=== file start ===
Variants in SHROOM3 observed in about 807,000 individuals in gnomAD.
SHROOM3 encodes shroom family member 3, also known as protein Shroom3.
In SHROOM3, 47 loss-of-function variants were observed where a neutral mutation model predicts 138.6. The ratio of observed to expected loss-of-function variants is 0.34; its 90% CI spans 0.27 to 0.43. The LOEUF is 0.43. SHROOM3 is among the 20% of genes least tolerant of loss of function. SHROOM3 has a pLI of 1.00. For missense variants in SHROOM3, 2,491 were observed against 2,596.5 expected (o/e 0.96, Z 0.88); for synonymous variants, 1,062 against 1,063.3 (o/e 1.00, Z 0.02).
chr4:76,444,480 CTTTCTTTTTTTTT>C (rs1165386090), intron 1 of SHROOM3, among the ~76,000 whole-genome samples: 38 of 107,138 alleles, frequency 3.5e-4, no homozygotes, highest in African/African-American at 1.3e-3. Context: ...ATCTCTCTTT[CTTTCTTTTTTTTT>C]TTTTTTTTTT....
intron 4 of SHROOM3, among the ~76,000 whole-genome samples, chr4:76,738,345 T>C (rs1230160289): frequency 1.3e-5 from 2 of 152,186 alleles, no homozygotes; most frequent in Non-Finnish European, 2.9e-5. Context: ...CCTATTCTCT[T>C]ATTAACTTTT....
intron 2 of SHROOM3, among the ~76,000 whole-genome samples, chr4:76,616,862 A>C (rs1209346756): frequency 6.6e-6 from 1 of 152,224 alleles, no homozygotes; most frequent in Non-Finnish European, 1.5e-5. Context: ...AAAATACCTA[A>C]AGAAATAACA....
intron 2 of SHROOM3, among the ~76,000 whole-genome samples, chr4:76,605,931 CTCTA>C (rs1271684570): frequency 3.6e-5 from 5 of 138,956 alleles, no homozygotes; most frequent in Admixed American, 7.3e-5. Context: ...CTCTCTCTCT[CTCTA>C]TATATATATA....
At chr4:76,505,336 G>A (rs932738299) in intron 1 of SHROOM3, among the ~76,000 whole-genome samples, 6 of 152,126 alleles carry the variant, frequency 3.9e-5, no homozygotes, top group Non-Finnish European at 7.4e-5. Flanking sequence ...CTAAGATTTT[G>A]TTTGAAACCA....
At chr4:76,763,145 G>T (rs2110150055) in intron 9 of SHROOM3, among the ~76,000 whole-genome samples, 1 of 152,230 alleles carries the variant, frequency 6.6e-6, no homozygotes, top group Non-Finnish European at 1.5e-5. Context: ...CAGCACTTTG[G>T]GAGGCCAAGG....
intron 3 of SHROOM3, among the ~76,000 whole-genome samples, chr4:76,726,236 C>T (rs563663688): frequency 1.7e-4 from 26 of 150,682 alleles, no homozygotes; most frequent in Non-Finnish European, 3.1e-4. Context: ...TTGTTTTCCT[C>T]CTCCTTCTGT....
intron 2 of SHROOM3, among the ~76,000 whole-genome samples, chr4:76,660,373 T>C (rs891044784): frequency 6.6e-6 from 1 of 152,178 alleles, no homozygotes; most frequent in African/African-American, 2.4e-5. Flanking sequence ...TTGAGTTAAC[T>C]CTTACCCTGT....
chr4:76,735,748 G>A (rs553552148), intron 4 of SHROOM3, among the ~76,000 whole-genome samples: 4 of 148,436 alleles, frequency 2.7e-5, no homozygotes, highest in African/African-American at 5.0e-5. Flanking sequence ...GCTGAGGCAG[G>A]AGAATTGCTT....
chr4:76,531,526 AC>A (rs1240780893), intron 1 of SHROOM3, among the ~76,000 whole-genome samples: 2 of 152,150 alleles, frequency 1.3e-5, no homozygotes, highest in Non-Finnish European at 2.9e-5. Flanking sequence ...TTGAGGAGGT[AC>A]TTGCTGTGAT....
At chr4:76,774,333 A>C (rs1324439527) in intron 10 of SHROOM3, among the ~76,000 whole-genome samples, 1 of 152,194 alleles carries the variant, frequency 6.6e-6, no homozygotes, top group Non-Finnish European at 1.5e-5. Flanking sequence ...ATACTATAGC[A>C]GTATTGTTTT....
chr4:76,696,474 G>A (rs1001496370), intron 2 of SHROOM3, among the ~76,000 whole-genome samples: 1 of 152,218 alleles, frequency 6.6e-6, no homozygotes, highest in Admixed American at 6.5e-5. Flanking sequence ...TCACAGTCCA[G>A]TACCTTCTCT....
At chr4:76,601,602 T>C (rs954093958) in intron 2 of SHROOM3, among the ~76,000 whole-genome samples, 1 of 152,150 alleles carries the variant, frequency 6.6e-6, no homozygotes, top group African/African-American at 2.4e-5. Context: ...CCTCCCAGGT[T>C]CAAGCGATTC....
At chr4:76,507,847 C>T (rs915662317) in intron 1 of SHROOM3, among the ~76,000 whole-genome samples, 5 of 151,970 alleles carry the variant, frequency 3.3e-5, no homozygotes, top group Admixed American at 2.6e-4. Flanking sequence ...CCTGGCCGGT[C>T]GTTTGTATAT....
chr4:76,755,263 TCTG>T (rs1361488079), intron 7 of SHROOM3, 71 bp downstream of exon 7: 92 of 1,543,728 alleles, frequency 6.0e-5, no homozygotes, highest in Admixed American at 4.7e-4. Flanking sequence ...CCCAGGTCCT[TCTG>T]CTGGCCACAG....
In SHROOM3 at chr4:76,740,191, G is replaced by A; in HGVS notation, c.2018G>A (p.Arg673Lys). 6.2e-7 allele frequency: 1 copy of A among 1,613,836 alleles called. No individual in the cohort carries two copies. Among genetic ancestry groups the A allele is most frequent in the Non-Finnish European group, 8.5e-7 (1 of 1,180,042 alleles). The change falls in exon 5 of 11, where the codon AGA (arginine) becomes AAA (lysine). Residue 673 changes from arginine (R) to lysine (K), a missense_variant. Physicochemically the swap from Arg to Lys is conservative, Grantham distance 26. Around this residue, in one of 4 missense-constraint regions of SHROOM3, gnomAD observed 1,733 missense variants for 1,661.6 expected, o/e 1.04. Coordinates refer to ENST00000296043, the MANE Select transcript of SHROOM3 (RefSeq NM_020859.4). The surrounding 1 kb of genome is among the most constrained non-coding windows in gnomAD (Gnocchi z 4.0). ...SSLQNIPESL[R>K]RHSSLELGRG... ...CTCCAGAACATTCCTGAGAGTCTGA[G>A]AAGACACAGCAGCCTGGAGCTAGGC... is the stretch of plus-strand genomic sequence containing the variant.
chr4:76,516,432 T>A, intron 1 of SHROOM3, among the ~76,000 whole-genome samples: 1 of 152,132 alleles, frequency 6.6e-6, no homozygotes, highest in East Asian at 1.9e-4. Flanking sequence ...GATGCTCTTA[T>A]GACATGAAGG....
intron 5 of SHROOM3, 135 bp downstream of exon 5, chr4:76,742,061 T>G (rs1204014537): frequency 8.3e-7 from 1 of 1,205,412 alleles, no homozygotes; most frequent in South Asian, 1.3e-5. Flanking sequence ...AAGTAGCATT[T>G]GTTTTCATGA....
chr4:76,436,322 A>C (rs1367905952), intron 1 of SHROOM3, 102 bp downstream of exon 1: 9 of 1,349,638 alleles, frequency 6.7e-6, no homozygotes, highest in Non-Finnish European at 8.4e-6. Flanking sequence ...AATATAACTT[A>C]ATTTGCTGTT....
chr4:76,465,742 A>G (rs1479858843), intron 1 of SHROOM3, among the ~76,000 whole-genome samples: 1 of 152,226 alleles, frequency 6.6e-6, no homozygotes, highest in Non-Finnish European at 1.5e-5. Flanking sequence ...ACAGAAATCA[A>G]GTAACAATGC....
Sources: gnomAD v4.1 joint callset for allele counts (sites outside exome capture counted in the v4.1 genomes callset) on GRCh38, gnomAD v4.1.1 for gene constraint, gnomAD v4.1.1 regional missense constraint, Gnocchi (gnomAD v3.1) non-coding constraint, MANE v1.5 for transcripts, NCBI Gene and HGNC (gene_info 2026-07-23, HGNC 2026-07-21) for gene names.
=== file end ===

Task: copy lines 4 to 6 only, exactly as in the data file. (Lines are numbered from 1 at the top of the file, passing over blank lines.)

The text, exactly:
chr4:76,444,480 CTTTCTTTTTTTTT>C (rs1165386090), intron 1 of SHROOM3, among the ~76,000 whole-genome samples: 38 of 107,138 alleles, frequency 3.5e-4, no homozygotes, highest in African/African-American at 1.3e-3. Context: ...ATCTCTCTTT[CTTTCTTTTTTTTT>C]TTTTTTTTTT....
intron 4 of SHROOM3, among the ~76,000 whole-genome samples, chr4:76,738,345 T>C (rs1230160289): frequency 1.3e-5 from 2 of 152,186 alleles, no homozygotes; most frequent in Non-Finnish European, 2.9e-5. Context: ...CCTATTCTCT[T>C]ATTAACTTTT....
intron 2 of SHROOM3, among the ~76,000 whole-genome samples, chr4:76,616,862 A>C (rs1209346756): frequency 6.6e-6 from 1 of 152,224 alleles, no homozygotes; most frequent in Non-Finnish European, 1.5e-5. Context: ...AAAATACCTA[A>C]AGAAATAACA....